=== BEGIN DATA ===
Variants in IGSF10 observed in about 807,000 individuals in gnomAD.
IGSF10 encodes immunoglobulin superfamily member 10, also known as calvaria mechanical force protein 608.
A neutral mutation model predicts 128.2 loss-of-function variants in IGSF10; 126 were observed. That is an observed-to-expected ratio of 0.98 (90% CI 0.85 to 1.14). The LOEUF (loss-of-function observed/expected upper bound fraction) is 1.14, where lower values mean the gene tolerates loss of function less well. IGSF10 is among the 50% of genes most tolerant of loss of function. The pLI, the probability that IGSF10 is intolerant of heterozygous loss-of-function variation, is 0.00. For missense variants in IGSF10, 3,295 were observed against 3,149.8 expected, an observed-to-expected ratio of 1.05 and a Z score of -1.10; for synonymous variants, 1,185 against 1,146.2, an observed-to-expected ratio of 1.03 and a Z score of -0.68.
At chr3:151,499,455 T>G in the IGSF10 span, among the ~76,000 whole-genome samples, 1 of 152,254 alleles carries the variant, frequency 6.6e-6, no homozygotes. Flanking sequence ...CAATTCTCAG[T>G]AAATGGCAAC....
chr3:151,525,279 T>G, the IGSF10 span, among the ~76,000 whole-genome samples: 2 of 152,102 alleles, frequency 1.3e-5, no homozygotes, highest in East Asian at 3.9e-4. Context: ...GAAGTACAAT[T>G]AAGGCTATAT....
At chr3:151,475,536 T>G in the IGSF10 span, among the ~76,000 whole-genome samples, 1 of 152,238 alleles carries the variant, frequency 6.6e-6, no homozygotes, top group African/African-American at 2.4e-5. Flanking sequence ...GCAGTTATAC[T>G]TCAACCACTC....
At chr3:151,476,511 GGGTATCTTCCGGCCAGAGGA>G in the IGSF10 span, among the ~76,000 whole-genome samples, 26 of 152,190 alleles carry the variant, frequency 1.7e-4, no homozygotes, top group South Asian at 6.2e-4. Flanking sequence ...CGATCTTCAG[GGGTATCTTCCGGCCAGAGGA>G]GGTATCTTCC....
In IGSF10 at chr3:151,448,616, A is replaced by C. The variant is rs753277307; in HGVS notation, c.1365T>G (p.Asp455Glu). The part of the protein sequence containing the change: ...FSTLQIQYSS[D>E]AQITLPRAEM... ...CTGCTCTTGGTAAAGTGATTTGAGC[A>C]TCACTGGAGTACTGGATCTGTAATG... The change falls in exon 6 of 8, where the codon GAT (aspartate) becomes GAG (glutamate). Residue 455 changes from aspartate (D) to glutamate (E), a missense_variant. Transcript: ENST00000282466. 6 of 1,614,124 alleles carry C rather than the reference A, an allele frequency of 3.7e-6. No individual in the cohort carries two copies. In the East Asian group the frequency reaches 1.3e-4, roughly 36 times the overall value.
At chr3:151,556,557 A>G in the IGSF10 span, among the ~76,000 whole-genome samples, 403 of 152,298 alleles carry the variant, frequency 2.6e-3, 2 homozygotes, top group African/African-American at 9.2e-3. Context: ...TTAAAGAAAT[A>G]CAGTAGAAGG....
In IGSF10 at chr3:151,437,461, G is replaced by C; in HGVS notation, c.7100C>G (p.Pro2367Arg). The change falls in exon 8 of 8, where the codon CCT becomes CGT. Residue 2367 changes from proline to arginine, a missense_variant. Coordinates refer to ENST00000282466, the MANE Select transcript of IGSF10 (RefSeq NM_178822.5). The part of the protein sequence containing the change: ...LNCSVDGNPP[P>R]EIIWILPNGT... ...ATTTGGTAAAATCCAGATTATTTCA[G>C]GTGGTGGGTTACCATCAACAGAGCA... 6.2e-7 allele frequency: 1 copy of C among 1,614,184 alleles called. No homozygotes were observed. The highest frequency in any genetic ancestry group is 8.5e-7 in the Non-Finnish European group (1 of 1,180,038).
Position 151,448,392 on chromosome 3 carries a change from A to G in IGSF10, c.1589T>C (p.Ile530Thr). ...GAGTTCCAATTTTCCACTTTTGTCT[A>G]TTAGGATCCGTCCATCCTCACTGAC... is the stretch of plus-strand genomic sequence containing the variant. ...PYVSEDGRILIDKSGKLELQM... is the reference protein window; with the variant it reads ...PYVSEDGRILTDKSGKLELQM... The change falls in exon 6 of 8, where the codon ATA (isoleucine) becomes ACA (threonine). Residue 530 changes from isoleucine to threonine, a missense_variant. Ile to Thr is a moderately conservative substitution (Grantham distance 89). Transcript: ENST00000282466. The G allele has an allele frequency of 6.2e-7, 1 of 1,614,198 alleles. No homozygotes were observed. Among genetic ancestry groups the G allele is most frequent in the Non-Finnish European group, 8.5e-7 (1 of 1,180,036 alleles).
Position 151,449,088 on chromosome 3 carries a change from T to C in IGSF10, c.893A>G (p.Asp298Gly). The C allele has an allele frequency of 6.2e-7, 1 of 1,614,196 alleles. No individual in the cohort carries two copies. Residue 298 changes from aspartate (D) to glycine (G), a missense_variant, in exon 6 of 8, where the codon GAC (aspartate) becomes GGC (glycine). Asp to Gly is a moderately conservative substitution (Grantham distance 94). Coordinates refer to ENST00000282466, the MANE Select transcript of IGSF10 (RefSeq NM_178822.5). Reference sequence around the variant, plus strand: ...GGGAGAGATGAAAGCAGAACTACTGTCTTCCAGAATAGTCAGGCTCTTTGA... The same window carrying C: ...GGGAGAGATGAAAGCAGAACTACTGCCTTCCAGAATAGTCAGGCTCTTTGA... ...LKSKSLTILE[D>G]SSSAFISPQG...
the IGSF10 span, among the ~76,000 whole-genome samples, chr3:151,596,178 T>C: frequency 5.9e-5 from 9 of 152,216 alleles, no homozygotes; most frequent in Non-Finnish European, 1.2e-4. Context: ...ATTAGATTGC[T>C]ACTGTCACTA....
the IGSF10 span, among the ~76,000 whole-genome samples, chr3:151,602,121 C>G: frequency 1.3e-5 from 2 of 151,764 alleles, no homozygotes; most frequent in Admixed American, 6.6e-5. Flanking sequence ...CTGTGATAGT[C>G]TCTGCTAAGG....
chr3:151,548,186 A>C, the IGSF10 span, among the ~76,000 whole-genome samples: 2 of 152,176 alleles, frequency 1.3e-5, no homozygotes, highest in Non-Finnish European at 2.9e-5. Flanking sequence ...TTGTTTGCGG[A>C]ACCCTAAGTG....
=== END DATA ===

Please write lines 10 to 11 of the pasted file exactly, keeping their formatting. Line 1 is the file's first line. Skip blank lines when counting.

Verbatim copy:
In IGSF10 at chr3:151,437,461, G is replaced by C; in HGVS notation, c.7100C>G (p.Pro2367Arg). The change falls in exon 8 of 8, where the codon CCT becomes CGT. Residue 2367 changes from proline to arginine, a missense_variant. Coordinates refer to ENST00000282466, the MANE Select transcript of IGSF10 (RefSeq NM_178822.5). The part of the protein sequence containing the change: ...LNCSVDGNPP[P>R]EIIWILPNGT... ...ATTTGGTAAAATCCAGATTATTTCA[G>C]GTGGTGGGTTACCATCAACAGAGCA... 6.2e-7 allele frequency: 1 copy of C among 1,614,184 alleles called. No homozygotes were observed. The highest frequency in any genetic ancestry group is 8.5e-7 in the Non-Finnish European group (1 of 1,180,038).
Position 151,448,392 on chromosome 3 carries a change from A to G in IGSF10, c.1589T>C (p.Ile530Thr). ...GAGTTCCAATTTTCCACTTTTGTCT[A>G]TTAGGATCCGTCCATCCTCACTGAC... is the stretch of plus-strand genomic sequence containing the variant. ...PYVSEDGRILIDKSGKLELQM... is the reference protein window; with the variant it reads ...PYVSEDGRILTDKSGKLELQM... The change falls in exon 6 of 8, where the codon ATA (isoleucine) becomes ACA (threonine). Residue 530 changes from isoleucine to threonine, a missense_variant. Ile to Thr is a moderately conservative substitution (Grantham distance 89). Transcript: ENST00000282466. The G allele has an allele frequency of 6.2e-7, 1 of 1,614,198 alleles. No homozygotes were observed. Among genetic ancestry groups the G allele is most frequent in the Non-Finnish European group, 8.5e-7 (1 of 1,180,036 alleles).